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Restore Records Management News

Horrible History: Halloween

Published on 22 October 2018

Horrible History: Halloween

Halloween is believed to have origins in Ireland, Scotland and Wales, particularly influenced by the festival of Samhain. Samhain marked the end of the harvest and the beginning of winter and was a time when it was thought the boundary between our world and the spirit world thinned. The souls of the dead were allowed back to visit their families and were welcomed with a warm fire and a place at the table. Rituals and games were played to try and predict the future – games such as apple bobbing, scrying and mirror gazing.

In 835 the Pope moved All Hallows’ Day to 1 November, and with All Souls Day on 2 November, the festivals began to merge.

In England during the 1400s ‘souling’ was common between 31 October and 2 November where children and the poor of the parish would go from house to house asking for a soul cake in exchange for prayers for the household. Costumes were worn as part of the All Hallows’ festival so that any vengeful spirits would not be able to recognise their intended victims.

During the 1500s in Ireland and Scotland there are records of guising around All Souls Day when groups would go from house to house dressed in costumes and traded songs for food. By the 1700s pranks had been added to the merrymaking.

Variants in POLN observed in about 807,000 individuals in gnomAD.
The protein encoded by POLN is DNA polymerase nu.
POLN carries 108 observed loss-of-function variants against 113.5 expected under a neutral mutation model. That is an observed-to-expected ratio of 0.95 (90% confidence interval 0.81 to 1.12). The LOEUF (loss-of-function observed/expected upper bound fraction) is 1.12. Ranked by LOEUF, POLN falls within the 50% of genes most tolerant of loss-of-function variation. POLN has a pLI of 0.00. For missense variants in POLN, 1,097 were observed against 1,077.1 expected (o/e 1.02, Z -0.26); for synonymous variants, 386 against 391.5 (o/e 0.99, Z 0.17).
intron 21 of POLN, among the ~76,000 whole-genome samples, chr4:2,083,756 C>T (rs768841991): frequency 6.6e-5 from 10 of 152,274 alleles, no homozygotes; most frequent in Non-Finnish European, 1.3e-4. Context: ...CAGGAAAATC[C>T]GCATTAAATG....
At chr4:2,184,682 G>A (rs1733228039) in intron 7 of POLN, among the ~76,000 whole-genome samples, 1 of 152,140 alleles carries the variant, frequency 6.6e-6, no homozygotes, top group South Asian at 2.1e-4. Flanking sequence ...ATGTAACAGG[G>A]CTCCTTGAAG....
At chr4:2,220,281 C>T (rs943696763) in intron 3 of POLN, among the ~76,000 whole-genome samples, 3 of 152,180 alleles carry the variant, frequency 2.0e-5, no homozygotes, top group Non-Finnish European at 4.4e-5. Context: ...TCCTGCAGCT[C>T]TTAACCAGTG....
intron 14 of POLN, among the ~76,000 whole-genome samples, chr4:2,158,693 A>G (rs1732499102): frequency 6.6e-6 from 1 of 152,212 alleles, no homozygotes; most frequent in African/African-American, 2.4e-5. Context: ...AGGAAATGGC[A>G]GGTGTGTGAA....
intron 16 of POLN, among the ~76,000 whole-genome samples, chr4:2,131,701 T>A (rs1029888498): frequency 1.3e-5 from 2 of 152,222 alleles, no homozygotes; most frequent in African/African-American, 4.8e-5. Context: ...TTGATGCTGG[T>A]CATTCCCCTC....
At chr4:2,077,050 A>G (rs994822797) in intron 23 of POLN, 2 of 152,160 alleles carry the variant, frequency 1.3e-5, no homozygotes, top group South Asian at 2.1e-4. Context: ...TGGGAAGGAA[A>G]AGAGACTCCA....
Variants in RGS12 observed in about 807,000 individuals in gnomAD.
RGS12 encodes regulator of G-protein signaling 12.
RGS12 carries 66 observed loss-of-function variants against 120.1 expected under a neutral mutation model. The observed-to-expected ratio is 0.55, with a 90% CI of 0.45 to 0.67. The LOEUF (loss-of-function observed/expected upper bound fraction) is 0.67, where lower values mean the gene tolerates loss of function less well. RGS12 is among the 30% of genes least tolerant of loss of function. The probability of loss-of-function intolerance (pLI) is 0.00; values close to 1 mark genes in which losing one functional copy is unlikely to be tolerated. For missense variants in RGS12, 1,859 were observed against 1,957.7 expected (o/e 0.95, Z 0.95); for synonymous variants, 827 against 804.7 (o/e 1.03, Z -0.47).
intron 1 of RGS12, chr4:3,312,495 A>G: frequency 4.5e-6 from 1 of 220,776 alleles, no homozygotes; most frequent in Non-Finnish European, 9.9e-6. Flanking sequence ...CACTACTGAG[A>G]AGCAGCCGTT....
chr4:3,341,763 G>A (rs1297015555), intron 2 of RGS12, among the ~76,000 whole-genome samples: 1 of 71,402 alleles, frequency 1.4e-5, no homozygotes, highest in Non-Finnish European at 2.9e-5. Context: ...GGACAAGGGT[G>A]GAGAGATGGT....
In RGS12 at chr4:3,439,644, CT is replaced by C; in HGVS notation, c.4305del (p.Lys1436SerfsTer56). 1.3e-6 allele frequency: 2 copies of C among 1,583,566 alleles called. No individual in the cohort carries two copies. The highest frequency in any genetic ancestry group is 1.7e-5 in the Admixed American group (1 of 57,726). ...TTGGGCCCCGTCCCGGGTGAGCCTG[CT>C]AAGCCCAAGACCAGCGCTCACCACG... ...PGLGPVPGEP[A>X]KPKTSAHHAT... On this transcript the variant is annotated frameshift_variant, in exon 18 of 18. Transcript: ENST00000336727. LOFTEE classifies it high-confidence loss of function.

The pranks and guising had spread to England by the 1900s when Jack O Lanterns carved from turnips were combined with the costumes.

The celebrating of Halloween waned in England with the popularity of Guy Fawkes Night as many of the traditions – such as toffee apples and, of course, bonfires – were transferred to 5 November; but the global rise of Halloween has brought it back to the fore along with the carefully timed release of horror films and themed events such as Tulley’s ShocktoberFest in Crawley and Manchester’s Halloween in the City.

Our deep storage vaults in Wiltshire are housed in ex-mines and the tunnels, which run for a mile underground, can get pretty spooky. Despite the centuries-long history of the place, though, we haven’t seen a sign of a ghost. Yet.

If you would like more information about our deep storage facilities just give us a call on 03300 376 323 or get in touch here. For hauntings, try Rent-a-Ghost…

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